• 2017.02.14
  • A Moment to Ponder Peace
The Palazzo Morando in Milan is located along a street lined with high-end fashion boutiques. Today, it is a fashion museum that is also used to host fashion-related events. The theme of its most recent exhibition was postwar recovery in Milan, so before I went to see it, it appeared to be quite a strange collection.

As you know, Japan’s postwar recovery threw the country headlong into becoming an economic superpower, shocking the rest of the world. I learned from the photographs in this exhibition, however, that Milan was toe-to-toe with Japan in the first ten years after the war ended.

The exhibition was divided into two sections. The first led you through a jet-black room—complete with black walls and black window curtains—that was filled with photographs taken immediately after the war. Halfway through, the setting changed to a pure white room hung with pictures infused with the light of hopeful recovery shortly thereafter. Although it was a simple design, it was quite effective. I was able to viscerally experience the contrast between the heartbreaking gloom and soaring hopefulness of the Milanese people.

Milan was more heavily damaged by bombing than any other Italian city. It was a natural target, given that it had been a vibrant commercial center. There was an elderly visitor at the exhibit who told me, through tears, that when he  initially saw the bombed-out images, he could still hear the explosions ringing clearly in his ears.

Apparently, the government forbade people from taking pictures of the damaged city or the state of its citizens during the war—meaning that many of the photographs in the exhibit were those secretly taken by amateurs. Somehow, though, this seemed to infuse the shots with even more profound meaning.

War-torn Milan took all kinds of measures to protect its buildings from the bombings. Every home naturally covered its windows with black curtains to prevent it from becoming a target, but police patrolling the streets even took the reflectors off their bicycles as well. The golden statues of the Madonna on top of Milan Cathedral was covered in cloth.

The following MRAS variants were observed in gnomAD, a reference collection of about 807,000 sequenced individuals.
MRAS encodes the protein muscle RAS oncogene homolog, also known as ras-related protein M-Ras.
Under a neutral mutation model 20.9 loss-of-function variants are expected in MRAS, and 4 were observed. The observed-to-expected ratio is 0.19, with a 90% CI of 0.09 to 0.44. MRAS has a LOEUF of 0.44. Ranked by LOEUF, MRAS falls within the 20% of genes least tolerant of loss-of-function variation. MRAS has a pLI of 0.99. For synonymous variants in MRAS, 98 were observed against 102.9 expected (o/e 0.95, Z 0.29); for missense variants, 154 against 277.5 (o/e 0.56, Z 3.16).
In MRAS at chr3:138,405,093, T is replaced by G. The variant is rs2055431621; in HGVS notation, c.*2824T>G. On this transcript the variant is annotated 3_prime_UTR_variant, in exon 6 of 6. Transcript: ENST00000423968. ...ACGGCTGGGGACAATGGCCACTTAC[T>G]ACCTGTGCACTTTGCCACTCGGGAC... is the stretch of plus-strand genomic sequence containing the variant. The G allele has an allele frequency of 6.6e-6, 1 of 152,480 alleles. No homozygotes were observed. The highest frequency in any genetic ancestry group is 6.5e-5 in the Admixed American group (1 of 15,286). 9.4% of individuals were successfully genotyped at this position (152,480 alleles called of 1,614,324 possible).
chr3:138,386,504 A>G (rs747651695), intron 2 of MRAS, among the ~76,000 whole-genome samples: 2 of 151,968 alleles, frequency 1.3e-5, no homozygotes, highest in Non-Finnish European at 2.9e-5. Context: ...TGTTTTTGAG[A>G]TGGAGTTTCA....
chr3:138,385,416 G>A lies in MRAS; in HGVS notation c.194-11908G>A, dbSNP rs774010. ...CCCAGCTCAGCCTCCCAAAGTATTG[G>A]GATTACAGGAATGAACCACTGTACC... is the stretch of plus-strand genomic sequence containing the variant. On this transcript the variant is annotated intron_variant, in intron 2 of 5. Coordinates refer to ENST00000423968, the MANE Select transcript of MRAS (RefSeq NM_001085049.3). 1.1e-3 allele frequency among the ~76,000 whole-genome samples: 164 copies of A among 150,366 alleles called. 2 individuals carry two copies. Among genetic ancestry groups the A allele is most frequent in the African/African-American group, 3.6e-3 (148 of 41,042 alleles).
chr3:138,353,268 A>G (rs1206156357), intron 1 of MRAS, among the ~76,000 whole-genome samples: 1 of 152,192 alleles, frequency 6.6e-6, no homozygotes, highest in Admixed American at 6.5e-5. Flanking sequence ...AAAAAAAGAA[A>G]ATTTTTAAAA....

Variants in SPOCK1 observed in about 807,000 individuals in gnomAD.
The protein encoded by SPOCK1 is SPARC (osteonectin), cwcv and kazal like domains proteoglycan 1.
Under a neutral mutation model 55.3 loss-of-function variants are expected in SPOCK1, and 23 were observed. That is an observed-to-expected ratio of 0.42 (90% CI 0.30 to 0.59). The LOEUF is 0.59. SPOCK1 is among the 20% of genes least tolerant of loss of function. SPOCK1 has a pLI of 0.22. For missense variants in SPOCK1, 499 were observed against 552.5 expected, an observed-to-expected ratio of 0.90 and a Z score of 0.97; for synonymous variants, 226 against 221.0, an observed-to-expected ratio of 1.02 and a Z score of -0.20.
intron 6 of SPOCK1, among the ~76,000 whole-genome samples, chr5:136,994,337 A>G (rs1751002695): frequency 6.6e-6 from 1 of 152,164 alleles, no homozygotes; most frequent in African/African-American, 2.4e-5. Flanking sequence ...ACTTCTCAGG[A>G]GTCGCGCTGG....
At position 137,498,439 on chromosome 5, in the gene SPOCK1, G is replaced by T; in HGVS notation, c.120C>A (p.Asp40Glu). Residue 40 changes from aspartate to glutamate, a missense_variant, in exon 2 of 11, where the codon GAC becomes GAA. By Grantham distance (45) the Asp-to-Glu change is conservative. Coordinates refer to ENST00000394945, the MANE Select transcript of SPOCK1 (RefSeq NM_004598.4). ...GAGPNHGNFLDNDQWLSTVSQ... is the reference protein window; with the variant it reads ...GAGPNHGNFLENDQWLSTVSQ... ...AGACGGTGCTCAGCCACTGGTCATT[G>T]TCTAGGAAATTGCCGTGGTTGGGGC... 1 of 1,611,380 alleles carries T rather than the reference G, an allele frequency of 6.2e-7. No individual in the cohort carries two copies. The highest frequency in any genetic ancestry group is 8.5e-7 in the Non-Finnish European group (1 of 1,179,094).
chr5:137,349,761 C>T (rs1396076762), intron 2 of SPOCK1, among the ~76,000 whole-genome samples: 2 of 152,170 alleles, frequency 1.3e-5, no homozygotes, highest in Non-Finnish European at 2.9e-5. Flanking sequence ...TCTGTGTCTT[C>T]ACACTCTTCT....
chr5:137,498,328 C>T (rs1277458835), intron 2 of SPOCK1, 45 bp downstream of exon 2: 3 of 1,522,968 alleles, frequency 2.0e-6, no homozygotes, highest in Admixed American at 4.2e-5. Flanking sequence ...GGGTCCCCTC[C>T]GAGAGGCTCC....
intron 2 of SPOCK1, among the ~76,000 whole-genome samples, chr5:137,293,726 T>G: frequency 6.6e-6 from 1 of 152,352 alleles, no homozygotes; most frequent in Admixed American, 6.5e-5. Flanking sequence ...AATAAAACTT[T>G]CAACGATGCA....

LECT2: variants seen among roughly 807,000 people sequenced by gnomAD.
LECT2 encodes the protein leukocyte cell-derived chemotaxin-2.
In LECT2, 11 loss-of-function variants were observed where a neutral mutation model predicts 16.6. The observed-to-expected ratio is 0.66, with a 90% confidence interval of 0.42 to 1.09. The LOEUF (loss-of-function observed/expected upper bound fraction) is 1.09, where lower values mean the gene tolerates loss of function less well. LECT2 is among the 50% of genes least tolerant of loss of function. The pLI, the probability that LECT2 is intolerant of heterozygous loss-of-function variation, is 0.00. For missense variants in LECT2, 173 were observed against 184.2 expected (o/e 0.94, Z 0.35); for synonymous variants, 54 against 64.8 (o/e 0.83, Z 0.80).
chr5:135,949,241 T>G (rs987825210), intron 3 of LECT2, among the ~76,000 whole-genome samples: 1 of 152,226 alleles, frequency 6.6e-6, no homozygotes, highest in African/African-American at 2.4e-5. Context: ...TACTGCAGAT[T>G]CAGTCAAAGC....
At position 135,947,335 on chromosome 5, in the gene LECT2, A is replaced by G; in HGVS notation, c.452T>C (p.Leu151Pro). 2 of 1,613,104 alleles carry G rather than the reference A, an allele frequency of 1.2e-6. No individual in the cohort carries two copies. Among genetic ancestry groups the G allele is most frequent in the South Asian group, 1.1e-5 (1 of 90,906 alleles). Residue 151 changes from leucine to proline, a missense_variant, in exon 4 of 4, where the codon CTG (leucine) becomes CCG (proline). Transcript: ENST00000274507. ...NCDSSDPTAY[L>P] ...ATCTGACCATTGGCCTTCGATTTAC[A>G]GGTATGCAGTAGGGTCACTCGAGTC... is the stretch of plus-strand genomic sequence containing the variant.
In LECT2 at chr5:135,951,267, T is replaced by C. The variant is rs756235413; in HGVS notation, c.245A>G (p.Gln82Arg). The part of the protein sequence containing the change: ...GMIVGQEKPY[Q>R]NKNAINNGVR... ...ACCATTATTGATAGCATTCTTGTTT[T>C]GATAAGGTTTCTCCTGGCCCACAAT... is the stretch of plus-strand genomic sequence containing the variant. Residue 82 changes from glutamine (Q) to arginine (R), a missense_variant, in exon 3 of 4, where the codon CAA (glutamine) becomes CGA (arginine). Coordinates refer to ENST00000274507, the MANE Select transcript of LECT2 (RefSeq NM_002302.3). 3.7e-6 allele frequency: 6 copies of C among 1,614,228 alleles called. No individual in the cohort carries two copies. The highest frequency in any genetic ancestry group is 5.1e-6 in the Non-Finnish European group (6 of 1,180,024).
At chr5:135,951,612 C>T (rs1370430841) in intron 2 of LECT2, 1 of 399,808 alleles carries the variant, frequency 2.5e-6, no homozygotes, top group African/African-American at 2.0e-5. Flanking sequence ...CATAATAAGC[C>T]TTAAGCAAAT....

Interestingly, the photographs showed that the cathedral suffered relatively minor damage compared to the other buildings in the city. I’d like to say that it’s because they painted its highly visible white marble walls with black paint, but it wasn’t that.

The truth is that the cathedral was just very, very lucky. The bombs that fell on it sometimes wouldn’t explode—but there was another reason that it miraculously survived, and it has to do with what it was made of. While exploding bombs would dramatically strike the sturdy marble cathedral, the other wooden structures in Milan suffered the unlucky fate of catching fire from the fallen bombs and burning down.

The buildings constructed during Milan’s recovery began to tower higher than Milan Cathedral, breaking previous city regulations. These illegal structures kept out of trouble, however, by each promising to erect a replica of the Madonna statue on their highest floor.

Whether each of these too-tall buildings actually put a Madonna replica on their top floor or not was something that the common people had no way of verifying, but don’t you think the idea of apologizing to the great saint and paying respect to her in this way is a wonderful aspect of Milan’s history and development?

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  • Yuriko Mikami
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A cellist based in Milan. Performs solo and ensemble concerts, as well as produces multi-style stage performances that combine theatrical shows, images, dances and live music.

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